In Lebanon, three decades of Iranian support for local Shia group Hezbollah has paid off as a combination of bribes, bullying and Iranian backing resulted in Hezbollah putting together a coalition of parties that gave Hezbollah control of the Lebanese government. This could trigger another civil war in Lebanon, but Iran doesn’t care. This move gives Iran control of Lebanon, as long as Hezbollah leads the coalition government. And another civil war would be an opportunity to increase Iranian influence there, and to hurt Israel. There are also risks, but these are the kinds of, behind the scenes, risks that Iran prefers.
Russia has called for an international investigation of the Stuxnet computer virus, and punishment of those responsible. Iran has admitted that their nuclear program was damaged by Stuxnet,and blames the attack on the U.S. and Israel. Although Russia has recently cancelled several important weapons sales to Iran (in return for Western and Israeli help in updating Russian weapons industries), Russia still wants to maintain good relations with Iran. Thus the loud, but largely meaningless, campaign to punish whoever unleashed Stuxnet.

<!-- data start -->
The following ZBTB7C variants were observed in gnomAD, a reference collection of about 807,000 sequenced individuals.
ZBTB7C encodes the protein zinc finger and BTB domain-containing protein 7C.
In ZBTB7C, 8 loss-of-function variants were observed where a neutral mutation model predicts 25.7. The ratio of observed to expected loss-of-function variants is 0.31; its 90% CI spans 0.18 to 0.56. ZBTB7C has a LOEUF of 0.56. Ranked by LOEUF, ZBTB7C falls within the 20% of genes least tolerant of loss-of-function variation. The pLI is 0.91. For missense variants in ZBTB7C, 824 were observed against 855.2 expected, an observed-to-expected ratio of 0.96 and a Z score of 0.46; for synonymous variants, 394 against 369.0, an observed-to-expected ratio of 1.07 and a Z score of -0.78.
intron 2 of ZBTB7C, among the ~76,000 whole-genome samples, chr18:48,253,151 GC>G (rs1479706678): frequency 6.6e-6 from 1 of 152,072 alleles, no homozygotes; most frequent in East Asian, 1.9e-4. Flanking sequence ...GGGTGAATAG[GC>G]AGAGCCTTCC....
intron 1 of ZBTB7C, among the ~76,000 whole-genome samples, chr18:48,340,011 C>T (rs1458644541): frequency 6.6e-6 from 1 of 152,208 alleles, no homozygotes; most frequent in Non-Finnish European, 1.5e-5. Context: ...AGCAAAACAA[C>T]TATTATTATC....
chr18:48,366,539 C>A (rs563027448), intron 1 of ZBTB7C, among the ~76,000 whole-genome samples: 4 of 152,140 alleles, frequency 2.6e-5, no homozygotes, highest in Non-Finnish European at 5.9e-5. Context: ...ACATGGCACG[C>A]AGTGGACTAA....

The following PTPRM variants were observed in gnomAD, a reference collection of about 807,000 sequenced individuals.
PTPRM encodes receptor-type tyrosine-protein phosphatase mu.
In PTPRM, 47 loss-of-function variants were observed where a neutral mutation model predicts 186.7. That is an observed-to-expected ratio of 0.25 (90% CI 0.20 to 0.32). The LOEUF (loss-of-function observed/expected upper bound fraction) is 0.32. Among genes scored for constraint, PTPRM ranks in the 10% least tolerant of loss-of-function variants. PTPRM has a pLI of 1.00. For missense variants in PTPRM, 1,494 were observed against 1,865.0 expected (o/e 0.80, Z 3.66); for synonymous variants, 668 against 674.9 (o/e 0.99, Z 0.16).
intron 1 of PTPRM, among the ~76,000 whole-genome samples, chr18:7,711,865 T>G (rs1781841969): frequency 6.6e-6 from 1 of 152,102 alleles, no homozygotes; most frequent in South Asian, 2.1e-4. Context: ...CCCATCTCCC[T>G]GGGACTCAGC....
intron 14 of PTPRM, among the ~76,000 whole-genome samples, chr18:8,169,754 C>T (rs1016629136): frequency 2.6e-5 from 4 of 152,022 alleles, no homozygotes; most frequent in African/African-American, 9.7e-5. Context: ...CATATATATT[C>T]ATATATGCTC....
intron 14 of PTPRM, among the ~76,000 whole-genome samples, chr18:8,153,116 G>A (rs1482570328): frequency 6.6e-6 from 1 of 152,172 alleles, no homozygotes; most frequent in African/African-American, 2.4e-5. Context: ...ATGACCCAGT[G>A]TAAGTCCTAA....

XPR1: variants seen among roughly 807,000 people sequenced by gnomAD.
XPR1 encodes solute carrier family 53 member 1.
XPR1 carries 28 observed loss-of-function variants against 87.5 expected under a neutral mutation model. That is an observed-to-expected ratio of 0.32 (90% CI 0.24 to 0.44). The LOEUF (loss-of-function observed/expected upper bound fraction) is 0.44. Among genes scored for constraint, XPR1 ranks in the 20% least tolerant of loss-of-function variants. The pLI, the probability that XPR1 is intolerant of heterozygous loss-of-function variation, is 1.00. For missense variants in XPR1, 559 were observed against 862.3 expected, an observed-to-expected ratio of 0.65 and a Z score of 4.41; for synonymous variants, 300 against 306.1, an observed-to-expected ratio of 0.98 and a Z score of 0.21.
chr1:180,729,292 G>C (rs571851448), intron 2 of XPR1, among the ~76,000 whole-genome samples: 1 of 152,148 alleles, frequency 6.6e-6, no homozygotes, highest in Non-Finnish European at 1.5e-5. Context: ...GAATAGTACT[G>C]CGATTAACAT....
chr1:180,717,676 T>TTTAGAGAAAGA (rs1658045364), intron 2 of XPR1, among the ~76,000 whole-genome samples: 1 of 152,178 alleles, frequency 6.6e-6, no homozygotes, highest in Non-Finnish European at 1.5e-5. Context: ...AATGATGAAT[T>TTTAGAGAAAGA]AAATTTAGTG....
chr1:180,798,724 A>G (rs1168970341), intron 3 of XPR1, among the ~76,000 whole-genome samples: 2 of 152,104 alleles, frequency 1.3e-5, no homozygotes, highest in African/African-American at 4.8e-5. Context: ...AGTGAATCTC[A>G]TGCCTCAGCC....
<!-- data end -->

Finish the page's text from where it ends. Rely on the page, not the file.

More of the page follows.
Another result of Stuxnet is the government announcing a cyber (computer security) police force. Not just to protect against Stuxnet type threats, but the more insidious Internet based dangers (Facebook, twitter, email and so on). Help is being sought from Russia and China, two nations that have long had powerful “cyber police” operations.